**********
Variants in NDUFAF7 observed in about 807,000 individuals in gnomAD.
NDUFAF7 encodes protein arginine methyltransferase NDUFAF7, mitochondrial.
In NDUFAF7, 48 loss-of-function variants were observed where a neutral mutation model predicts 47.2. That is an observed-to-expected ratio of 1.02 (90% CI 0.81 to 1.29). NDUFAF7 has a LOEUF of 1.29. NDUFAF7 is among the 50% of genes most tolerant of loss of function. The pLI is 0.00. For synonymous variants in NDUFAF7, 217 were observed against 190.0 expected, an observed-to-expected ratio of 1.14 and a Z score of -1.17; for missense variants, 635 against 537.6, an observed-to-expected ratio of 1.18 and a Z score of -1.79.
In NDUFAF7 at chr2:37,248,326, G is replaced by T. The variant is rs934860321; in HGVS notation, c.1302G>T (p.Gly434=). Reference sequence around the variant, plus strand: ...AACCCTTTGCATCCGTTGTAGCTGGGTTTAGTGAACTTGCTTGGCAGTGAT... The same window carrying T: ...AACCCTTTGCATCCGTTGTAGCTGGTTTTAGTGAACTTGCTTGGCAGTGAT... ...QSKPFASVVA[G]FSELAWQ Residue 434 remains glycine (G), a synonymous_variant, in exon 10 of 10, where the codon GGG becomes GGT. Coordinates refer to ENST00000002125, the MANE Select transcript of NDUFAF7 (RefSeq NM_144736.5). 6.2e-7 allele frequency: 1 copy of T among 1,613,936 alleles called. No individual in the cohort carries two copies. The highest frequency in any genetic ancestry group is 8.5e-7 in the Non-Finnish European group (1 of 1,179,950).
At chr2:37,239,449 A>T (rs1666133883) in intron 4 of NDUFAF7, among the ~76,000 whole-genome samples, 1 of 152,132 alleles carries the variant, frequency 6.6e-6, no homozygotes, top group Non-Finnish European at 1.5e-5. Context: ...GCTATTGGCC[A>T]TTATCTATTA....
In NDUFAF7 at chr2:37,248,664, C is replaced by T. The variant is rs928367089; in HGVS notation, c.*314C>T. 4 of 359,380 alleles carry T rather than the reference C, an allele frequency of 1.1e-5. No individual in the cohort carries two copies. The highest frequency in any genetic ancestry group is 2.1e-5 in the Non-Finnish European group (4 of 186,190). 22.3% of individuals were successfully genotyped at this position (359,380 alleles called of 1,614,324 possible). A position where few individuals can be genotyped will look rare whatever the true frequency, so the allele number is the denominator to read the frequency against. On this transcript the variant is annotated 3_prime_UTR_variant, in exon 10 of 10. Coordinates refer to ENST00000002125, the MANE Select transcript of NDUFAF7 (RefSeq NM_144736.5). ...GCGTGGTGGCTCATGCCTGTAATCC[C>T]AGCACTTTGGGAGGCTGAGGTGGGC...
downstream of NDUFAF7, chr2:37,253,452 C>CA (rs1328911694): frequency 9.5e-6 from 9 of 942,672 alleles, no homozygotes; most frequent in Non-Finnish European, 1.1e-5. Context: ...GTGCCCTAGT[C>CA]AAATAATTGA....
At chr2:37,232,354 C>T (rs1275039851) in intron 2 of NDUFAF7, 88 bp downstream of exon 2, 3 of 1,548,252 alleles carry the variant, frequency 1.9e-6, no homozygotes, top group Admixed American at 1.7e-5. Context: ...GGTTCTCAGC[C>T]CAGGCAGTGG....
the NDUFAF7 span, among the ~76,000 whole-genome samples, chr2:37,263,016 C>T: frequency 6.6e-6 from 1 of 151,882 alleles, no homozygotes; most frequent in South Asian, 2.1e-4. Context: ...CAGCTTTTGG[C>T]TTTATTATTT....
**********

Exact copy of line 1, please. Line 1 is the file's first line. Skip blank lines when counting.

Variants in NDUFAF7 observed in about 807,000 individuals in gnomAD.